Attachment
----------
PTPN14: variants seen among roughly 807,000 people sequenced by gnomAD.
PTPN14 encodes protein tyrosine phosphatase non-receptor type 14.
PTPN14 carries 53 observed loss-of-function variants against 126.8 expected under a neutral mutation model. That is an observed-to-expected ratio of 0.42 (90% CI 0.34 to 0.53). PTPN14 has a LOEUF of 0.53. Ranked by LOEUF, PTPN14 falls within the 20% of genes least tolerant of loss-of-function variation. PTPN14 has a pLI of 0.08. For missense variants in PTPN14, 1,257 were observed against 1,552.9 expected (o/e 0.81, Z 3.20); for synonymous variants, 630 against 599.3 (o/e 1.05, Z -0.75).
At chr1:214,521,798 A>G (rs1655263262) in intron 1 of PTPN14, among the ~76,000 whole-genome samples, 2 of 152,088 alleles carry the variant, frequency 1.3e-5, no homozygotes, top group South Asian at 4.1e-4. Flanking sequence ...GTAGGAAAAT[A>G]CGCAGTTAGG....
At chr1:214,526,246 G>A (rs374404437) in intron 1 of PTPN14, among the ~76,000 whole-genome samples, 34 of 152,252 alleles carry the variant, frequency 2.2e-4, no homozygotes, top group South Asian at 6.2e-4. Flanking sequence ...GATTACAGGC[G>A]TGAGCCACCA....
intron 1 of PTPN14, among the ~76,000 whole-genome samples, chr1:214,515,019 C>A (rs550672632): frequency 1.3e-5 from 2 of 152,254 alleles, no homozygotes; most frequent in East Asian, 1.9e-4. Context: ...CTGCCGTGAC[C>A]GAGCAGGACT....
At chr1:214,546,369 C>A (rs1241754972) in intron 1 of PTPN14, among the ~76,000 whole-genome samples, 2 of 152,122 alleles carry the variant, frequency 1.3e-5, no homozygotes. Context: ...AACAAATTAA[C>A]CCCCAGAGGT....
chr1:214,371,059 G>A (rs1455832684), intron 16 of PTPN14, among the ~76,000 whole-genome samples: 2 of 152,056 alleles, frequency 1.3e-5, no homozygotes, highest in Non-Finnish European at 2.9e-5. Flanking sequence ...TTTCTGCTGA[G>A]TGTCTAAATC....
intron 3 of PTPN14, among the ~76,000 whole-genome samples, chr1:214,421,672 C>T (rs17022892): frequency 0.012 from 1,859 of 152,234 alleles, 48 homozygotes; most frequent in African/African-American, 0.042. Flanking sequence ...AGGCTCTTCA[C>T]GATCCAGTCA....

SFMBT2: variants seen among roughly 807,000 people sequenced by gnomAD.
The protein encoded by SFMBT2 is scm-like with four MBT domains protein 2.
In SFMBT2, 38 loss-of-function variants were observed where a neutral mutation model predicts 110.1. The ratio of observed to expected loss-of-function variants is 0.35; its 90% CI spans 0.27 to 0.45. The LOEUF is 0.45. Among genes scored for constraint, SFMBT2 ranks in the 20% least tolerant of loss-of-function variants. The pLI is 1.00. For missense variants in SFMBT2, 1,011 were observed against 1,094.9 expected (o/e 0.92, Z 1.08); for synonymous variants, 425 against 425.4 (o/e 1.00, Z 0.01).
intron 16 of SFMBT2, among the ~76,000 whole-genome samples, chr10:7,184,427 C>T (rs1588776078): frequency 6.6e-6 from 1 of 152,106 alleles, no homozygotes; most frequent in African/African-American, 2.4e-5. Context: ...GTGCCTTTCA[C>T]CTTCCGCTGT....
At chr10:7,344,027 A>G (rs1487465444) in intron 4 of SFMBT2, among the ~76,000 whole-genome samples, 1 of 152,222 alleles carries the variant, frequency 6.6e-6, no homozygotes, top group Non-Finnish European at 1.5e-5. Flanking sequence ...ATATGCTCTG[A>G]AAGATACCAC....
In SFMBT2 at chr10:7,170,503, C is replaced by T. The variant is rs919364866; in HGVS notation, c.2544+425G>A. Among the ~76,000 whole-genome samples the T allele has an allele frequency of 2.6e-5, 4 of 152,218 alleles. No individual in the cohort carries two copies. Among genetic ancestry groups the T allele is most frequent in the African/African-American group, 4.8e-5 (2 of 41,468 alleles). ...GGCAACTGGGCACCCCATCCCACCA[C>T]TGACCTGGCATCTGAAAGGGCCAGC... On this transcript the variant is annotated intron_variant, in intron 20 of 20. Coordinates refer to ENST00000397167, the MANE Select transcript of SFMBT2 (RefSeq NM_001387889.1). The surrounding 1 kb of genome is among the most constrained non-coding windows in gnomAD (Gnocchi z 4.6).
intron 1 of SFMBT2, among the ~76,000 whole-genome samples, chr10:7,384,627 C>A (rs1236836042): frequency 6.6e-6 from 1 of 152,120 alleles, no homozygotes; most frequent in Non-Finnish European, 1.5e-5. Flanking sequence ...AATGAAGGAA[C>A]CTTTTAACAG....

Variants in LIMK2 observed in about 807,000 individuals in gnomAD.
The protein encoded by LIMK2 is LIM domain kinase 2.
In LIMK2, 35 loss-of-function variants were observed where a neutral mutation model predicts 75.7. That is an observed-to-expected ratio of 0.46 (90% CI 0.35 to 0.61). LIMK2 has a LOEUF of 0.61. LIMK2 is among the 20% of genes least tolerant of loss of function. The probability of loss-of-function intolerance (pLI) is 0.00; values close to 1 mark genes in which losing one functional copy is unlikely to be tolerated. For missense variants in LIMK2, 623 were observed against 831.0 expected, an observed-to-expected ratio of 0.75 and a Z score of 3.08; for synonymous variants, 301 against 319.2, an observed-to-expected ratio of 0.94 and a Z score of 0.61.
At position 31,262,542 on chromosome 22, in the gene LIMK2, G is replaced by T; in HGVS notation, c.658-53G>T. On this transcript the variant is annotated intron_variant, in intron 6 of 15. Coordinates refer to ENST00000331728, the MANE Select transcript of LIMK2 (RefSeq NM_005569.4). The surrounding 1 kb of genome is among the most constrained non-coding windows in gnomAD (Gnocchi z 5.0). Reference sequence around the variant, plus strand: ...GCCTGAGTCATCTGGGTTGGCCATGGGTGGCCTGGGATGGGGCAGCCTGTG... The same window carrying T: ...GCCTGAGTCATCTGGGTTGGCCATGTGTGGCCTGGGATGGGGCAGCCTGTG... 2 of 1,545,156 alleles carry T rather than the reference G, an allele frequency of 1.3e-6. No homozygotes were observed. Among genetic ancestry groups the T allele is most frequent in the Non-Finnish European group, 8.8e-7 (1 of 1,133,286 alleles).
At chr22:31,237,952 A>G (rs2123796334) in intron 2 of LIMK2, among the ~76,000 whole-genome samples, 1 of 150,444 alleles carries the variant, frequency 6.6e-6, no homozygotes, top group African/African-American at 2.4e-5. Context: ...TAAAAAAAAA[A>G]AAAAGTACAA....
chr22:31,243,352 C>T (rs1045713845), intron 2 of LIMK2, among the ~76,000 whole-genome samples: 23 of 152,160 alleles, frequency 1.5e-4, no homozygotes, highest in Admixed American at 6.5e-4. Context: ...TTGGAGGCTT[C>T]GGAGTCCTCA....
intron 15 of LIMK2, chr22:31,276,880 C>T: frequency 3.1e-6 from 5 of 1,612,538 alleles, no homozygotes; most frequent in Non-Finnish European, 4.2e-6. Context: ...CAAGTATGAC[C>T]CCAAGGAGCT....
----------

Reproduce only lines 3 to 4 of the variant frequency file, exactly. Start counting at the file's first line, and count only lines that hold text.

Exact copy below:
PTPN14 carries 53 observed loss-of-function variants against 126.8 expected under a neutral mutation model. That is an observed-to-expected ratio of 0.42 (90% CI 0.34 to 0.53). PTPN14 has a LOEUF of 0.53. Ranked by LOEUF, PTPN14 falls within the 20% of genes least tolerant of loss-of-function variation. PTPN14 has a pLI of 0.08. For missense variants in PTPN14, 1,257 were observed against 1,552.9 expected (o/e 0.81, Z 3.20); for synonymous variants, 630 against 599.3 (o/e 1.05, Z -0.75).
At chr1:214,521,798 A>G (rs1655263262) in intron 1 of PTPN14, among the ~76,000 whole-genome samples, 2 of 152,088 alleles carry the variant, frequency 1.3e-5, no homozygotes, top group South Asian at 4.1e-4. Flanking sequence ...GTAGGAAAAT[A>G]CGCAGTTAGG....